French philosopher Paul Virilio believed that technology cannot exist without the potential for accidents, arguing that the invention of the locomotive also contained the invention of derailment. As politicians, technocrats, and the media ponder the concept of artificial intelligence (AI), a train has derailed in a small Spanish town. While everyone speculated about the end of the world brought on by the ever-growing technology, the lives of several girls from Almendralejo (southwest Spain) were under attack by quickly spreading AI-generated fake nudes.
The trainwreck happened on the same day that Elon Musk (X), Sam Altman (OpenAI), Mark Zuckerberg (Meta), Satya Nadella (Microsoft) and Sundar Pichai (Google) testified before the U.S. Senate about regulating AI. While tech royalty theorized with politicians, the real and painful consequences of AI were being felt in WhatsApp groups around a small Spanish town, and maybe beyond.
In recent months, the developers and promoters of this technology have expressed concerns about the potential dangers posed by thinking machines. Their open letters and manifestos talk about uncontrollable “powerful minds,” profound changes in the history of life on Earth, and risks comparable to nuclear wars. However, these lofty proclamations said nothing about involuntary sexual objectification of women. Geoffrey Hinton, one of the pioneers in this field, even left his job at Google to focus on raising awareness about the abstract risks of AI, but then downplayed the more immediate and tangible dangers.
However, the issue at hand is not insignificant, nor is it a recent development. In 2019, Barack Obama cautioned about the threat to democracy from deepfakes, manipulated recreations of real individuals. Their popularity surged with a fake video of Obama insulting Donald Trump. That same year, the developers of the DeepNude app chose to remove it from the market, despite their flood of cash from generating hundreds of thousands of images. “The probability of people misusing it is too high… We don’t want to make money this way.” It was a repentance compelled by the media, which had criticized DeepNude as a “horrifying app that undresses a photo of any woman with a single click.”
It is difficult to believe that the creator of DeepNude didn’t anticipate the tool being used to harm women. According to Sensity AI’s research in 2019, about 90-95% of deepfakes are non-consensual porn, with 90% targeting women. These figures are based on data from that year, and the technology has evolved significantly since then, with more realistic manipulations from generative AI models like Dall-E, Midjourney, and Stable Diffusion.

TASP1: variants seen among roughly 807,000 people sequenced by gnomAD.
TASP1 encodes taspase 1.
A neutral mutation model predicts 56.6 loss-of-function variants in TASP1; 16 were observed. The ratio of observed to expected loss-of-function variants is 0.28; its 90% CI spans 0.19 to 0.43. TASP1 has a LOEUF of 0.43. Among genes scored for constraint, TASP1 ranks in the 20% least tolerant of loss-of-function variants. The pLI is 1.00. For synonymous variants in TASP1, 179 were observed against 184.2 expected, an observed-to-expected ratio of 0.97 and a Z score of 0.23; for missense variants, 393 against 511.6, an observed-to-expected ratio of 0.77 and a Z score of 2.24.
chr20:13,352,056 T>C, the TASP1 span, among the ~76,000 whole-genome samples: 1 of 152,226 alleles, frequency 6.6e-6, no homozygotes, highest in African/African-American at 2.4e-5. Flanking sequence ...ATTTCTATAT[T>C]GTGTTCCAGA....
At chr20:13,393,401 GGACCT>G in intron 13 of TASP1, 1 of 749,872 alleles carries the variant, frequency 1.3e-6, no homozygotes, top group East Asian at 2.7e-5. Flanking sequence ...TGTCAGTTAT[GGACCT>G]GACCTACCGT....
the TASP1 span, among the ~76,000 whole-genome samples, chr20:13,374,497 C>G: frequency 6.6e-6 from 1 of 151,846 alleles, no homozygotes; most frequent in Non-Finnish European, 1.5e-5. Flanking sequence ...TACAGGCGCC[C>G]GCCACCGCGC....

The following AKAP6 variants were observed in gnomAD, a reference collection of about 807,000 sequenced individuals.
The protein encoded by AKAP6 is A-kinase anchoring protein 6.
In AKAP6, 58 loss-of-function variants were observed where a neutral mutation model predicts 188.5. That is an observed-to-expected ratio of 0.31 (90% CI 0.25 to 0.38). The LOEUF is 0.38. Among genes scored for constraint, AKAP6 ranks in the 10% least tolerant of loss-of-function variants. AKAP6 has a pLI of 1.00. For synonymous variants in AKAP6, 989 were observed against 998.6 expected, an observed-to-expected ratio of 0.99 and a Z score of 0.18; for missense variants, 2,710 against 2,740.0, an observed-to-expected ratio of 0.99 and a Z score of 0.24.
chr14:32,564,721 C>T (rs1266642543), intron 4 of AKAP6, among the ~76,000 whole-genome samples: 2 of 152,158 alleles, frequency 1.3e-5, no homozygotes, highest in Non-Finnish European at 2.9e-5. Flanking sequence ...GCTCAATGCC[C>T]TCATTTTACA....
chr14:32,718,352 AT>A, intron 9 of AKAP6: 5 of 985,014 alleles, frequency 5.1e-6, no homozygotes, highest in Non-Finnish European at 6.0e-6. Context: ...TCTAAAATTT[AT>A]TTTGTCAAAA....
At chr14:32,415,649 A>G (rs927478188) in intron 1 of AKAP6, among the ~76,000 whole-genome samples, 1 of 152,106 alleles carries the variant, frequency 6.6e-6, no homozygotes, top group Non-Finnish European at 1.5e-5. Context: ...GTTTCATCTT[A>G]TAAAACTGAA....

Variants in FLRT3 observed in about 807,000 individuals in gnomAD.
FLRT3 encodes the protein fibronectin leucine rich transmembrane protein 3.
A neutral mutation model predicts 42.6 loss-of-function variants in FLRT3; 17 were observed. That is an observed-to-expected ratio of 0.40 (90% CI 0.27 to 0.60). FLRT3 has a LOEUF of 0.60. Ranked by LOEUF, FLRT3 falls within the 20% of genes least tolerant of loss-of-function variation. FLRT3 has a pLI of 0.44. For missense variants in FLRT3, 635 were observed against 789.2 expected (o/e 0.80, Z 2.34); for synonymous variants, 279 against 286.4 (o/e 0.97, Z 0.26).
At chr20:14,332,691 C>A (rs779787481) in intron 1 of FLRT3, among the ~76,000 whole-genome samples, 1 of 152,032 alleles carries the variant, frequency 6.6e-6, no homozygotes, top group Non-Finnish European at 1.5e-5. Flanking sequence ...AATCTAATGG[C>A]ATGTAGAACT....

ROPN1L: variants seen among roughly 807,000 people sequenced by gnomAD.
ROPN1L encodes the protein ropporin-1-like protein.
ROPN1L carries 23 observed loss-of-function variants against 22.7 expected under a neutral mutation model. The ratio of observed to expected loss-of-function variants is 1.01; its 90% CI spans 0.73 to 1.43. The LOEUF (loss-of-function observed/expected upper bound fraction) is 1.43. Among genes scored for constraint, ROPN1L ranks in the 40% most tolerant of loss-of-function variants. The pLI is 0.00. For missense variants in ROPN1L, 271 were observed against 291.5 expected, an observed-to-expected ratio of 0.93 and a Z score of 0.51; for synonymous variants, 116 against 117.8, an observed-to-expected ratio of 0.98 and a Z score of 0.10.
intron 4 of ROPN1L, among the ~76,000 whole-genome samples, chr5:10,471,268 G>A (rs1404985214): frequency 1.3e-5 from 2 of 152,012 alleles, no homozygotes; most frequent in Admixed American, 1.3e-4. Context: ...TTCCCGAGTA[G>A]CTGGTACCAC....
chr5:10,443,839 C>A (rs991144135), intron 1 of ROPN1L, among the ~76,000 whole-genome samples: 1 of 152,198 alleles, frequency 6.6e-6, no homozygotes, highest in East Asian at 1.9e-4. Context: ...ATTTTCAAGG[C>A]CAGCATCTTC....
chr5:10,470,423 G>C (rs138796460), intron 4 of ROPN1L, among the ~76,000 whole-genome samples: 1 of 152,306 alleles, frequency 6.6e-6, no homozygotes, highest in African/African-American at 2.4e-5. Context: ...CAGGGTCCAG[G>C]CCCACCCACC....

Stable Diffusion is committed to open source, allowing its basic architecture to be freely reused. This has helped prevent the harmful use of deepfake technology to sexualize women without their consent. Unfortunately, the internet is still riddled with forums and channels that discuss exploiting these capabilities to create non-consensual pornographic content. Emad Mostaque, the company’s CEO, addressed these concerns in an interview with TechCrunch. “A percentage of people are simply unpleasant and weird, but that’s humanity… Indeed, it is our belief this technology will be prevalent, and the paternalistic and somewhat condescending attitude of many AI aficionados is misguided in not trusting society.”
To defend itself against criticism, Stable Diffusion tweeted, “Don’t generate anything you’d be ashamed to show your mother.” Mostaque criticizes paternalism on one hand, but then urges mothers to safeguard their daughters, burdening them with all the responsibility. It is unsurprising that, on the whole, women tend to be more apprehensive about new technologies compared to men in survey results.
But these tools depend on the technological muscle of the big guys. Google (Pichai), Amazon (Jeff Bezos), X (Musk) and Microsoft (Nadela) have tools and platforms that are “supercharging AI deepfake porn,” according to Bloomberg. “Google, for instance, is the main traffic driver to widely used deepfake sites, while users of X, formerly known as Twitter, regularly circulate deepfaked content. Amazon, Cloudflare, and Microsoft’s GitHub provide crucial hosting services for these sites.”
Recently, there has been another concerning incident. Some Real Madrid youth soccer players have shared non-consensual sexual videos of at least two girls. The people involved in spreading deepfakes in Almendralejo and these aspiring soccer players have a couple of things in common — objectifying girls they know and their youth. It’s often assumed that kids this age are tech whizzes because they are “digital natives,” a term the media has ardently embraced. However, the truth is that we all need to learn how to use these tools — no one is born knowing how to WhatsApp somebody, photoshop an image, or pornify content.
This generation has access to technologies that their parents may not even be aware of. It is crucial to teach them how to use these technologies, not just the technical aspects like editing photos, but also to educate them about toxic behaviors and the importance of respect. The kids are growing up in a technological environment, but they are not necessarily digital natives — they need guidance in using technology responsibly. This includes instilling values, humanity, and respect for women. It is important to educate not only the kids who share inappropriate images but also those who develop apps and profit from them, as they must be aware of the consequences and take responsibility.
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